By Steve Schaefer
For an EV enthusiast—or any American car shopper—the Ford Mustang Mach-E is one of the most intriguing and important auto debuts in years. As an all-electric SUV, it’s as revolutionary as the original 1965 Mustang was in 1964 and points the way to the future, while intimately linking to Ford’s most iconic brand.
The original Ford Mustang, a low-slung sport coupe and convertible based on the compact Falcon platform, offered excitement and affordability, and was the right car at the right time. Hundreds of thousands were sold from the starting gun, invigorating Ford and creating the “pony car” segment.
Over the years, the Mustang has had its great and not so great moments, growing hulking in the early 1970s and shrinking down to Pinto size as a reaction to mid 70’s fuel shortages. It found its footing in 1979 with the form it would hold onto for decades, rounding out in the 1990s and surviving to this day. You can still get a reasonable model with a 2.3-liter EcoBoost Turbo or grab a V8-powered Shelby or other supercar variant.
The Mach-E is Different
But the Mustang Mach-E is different. It’s got four doors, for one thing (although the “E-latch” handles are hidden). It’s all-electric. While its length and width are comparable to the regular Mustang, it stands nearly 10 inches taller, and boasts 101 cubic feet (cf) of interior volume versus 83 cf for the coupe. Sitting in the spacious rear seat, I looked up through the panoramic glass roof and thought of how fun the Mustang would be for four people to take on a long trip.
Ford’s EV history is not impressive so far. They sold the competitive Fusion plug-in hybrid for years (particularly nice in the later design) with the Europe-designed C-Max minivan sharing the drivetrain. Ford offered a 76-mile-range Focus with a $40K price tag that was a California compliance car. The new hybrid version of the F-150 pickup has just arrived and I spent a week with it recently. But the Mustang Mach-E is a new milestone in the company’s movement into the electric vehicle future.
So, what makes the Mach-E a Mustang, and not just Ford’s first serious all-electric car? It’s styling and performance.
Surely there were prolonged and heated discussions in the Ford boardroom about “diluting the brand” but I believe that in the end, they decided to spend a little of their amassed brand equity in order to bless this car with everything they could muster to make it successful. People love SUVs these days and have no problem thinking of them as desirable, sporty vehicles. They are not the truck-based Jeep and International Harvester wagons that were around when the original Mustang debuted at the 1964 New York World’s Fair.
Mustang styling cues include a long and curvaceous hood, muscular sides with rear haunches, a Mustang face with piercing eyes (and a big filled-in grille) and, of course, those tri-bar taillights. There is the running horse logo, of course, seen on the nose and tail, inside on graphics and the screens, and as puddle lamps at night.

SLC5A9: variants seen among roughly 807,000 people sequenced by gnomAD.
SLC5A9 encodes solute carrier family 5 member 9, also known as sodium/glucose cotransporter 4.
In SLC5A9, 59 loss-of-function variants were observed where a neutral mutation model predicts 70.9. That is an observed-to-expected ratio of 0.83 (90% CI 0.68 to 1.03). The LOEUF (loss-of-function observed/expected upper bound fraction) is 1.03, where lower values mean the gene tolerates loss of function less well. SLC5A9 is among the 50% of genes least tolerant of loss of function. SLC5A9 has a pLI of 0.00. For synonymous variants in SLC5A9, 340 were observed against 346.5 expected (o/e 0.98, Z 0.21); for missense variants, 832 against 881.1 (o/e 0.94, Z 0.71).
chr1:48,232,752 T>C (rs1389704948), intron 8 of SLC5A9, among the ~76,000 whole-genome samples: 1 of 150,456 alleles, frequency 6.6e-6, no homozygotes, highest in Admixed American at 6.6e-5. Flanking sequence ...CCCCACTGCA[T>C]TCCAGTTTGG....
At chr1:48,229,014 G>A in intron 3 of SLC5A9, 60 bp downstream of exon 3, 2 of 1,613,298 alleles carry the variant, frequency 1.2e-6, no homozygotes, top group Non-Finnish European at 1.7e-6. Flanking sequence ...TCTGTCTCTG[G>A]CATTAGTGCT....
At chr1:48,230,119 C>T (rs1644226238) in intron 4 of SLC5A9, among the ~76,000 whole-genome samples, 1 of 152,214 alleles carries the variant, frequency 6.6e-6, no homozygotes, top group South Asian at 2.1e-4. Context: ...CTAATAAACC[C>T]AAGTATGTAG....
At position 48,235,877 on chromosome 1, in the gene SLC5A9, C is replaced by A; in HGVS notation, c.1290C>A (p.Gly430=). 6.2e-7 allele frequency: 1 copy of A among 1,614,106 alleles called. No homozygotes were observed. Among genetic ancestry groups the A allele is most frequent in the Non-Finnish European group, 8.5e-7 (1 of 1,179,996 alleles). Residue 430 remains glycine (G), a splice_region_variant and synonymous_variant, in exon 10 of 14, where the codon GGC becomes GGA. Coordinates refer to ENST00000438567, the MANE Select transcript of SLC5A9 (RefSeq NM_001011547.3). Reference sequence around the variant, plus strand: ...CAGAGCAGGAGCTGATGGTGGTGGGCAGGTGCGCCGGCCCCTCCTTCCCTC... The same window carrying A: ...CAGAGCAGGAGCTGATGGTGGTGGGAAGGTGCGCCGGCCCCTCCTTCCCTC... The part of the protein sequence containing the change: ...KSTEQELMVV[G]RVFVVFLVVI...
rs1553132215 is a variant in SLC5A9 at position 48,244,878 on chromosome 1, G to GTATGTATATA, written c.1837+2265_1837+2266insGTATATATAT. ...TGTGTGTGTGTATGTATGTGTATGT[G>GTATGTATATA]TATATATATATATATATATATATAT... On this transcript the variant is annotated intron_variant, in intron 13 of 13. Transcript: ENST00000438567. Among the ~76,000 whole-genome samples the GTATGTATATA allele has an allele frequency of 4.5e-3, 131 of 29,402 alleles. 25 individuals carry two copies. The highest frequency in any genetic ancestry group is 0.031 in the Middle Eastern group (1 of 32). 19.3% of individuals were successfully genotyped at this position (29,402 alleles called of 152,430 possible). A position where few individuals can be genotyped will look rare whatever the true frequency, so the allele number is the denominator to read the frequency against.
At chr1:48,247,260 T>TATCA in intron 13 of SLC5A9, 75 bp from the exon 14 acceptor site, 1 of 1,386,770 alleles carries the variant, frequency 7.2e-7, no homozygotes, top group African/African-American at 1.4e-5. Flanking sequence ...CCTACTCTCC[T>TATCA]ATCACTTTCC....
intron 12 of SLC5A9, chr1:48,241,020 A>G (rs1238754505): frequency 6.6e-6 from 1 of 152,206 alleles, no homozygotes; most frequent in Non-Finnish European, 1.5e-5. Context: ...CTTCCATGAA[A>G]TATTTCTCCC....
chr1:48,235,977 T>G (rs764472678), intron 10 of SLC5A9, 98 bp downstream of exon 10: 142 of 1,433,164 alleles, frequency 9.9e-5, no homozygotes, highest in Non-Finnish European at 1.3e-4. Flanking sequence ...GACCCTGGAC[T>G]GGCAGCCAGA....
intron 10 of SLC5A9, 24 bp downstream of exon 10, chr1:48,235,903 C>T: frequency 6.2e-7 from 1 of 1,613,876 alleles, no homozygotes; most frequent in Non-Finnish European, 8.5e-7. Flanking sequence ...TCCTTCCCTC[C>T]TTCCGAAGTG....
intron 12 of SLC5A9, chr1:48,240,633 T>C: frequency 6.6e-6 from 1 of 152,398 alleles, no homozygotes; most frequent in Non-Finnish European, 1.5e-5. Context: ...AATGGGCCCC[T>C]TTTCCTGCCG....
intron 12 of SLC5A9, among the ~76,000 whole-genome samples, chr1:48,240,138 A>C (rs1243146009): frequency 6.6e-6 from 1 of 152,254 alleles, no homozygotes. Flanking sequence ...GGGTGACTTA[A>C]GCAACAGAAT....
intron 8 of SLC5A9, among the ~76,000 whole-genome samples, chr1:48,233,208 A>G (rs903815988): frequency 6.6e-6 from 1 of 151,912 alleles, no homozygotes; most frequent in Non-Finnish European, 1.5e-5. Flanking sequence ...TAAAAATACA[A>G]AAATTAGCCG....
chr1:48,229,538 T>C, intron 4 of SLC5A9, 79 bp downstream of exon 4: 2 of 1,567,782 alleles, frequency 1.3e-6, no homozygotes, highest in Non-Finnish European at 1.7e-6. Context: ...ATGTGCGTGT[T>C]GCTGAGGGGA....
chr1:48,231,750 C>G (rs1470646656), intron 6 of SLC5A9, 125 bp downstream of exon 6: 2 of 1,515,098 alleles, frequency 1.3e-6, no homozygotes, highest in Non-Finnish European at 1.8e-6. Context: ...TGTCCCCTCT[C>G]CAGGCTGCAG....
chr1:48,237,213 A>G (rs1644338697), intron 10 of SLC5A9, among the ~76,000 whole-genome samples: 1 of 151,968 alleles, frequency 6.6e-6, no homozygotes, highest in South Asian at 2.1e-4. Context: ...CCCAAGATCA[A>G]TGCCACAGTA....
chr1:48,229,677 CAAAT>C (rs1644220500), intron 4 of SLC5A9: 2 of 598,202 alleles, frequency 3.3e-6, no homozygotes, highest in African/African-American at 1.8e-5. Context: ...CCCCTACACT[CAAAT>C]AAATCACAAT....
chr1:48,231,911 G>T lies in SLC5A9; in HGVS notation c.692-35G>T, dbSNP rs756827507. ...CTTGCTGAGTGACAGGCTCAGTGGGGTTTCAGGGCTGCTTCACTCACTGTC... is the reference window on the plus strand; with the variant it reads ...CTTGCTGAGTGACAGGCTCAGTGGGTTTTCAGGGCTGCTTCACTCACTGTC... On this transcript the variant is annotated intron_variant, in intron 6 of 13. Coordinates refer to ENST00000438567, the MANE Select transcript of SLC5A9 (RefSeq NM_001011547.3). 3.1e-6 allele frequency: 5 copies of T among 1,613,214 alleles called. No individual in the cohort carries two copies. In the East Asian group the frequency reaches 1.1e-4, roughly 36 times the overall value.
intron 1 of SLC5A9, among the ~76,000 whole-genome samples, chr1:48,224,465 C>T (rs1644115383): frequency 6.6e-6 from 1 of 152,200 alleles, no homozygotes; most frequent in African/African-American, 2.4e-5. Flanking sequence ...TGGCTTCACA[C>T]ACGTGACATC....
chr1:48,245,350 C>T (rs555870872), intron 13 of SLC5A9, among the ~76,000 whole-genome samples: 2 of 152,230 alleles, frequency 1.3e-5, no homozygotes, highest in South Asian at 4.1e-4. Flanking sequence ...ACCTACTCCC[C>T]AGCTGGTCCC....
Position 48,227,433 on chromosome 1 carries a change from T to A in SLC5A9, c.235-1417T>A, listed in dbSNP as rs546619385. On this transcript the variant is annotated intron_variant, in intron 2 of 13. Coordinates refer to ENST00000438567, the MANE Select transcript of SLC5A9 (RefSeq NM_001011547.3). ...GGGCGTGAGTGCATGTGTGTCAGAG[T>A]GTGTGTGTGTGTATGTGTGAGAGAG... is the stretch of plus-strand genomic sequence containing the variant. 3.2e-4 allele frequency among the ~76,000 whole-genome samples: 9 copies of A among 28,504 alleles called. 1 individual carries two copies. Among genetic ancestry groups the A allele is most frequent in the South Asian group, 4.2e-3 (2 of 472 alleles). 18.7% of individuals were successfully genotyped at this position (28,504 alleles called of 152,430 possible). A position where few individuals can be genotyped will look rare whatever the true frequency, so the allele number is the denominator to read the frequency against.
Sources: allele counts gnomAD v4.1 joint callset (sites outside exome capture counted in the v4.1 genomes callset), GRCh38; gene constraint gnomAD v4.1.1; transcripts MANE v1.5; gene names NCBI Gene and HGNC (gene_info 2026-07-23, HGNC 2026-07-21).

Unlike with the coupe and convertible, with the Mach-E you step right in, not down. The sporty bucket seats are covered in “Activex” – an animal-free “leather.” You sit in a typical crossover position, riding high. Legroom front and rear is generous, and headroom is amazing. Just a side note—the Mustang coupe is one of the very few cars that will not hold an upright bass. With the Mach-E, you could just drop the second-row seats and slide that bass right in, with nearly 60 cubic feet of cargo space. With the seats up, I filled the cargo hold (29.7 cf), with groceries on a rare venture out.
The Mach-E’s motor puts out 346 horsepower (428 lb.-ft. of torque) in the standard form and 480 hp (634 lb.-ft.) for the upcoming GT version, due this summer. With the silent powertrain, instant electric torque, and responsive steering through a fat leather-wrapped wheel, I had a blast taking the car on back roads as well as cruising through town. It feels strong and grounded, with the heavy battery pack providing the 64-inch-tall Mach-E with a low center of gravity for road-hugging stability.
Electric cars are rated by the EPA in miles per gallon equivalent—MPGe. The Mach-E gets 105 City, 93 highway, and 105 Combined. Compare these numbers to other EVs’s stats. Weighing between 4,400 and 4,900 pounds, depending on battery size and rear- or all-wheel drive configuration, the new Mustang is not the most efficient EV, but it’s comparable to others of its size and purpose. Of course, the EPA Green scores are a pair of perfect 10’s for Smog and Greenhouse Gas.
The range between charges varies depending on battery size and the number of drive wheels. The rear-wheel-drive car with the standard 66 kWh lithium-ion battery gets 230 miles per the EPA. The 88-kWh extended range battery brings it up to 300 miles. Add all-wheel drive and those numbers drop to 211 and 270 respectively.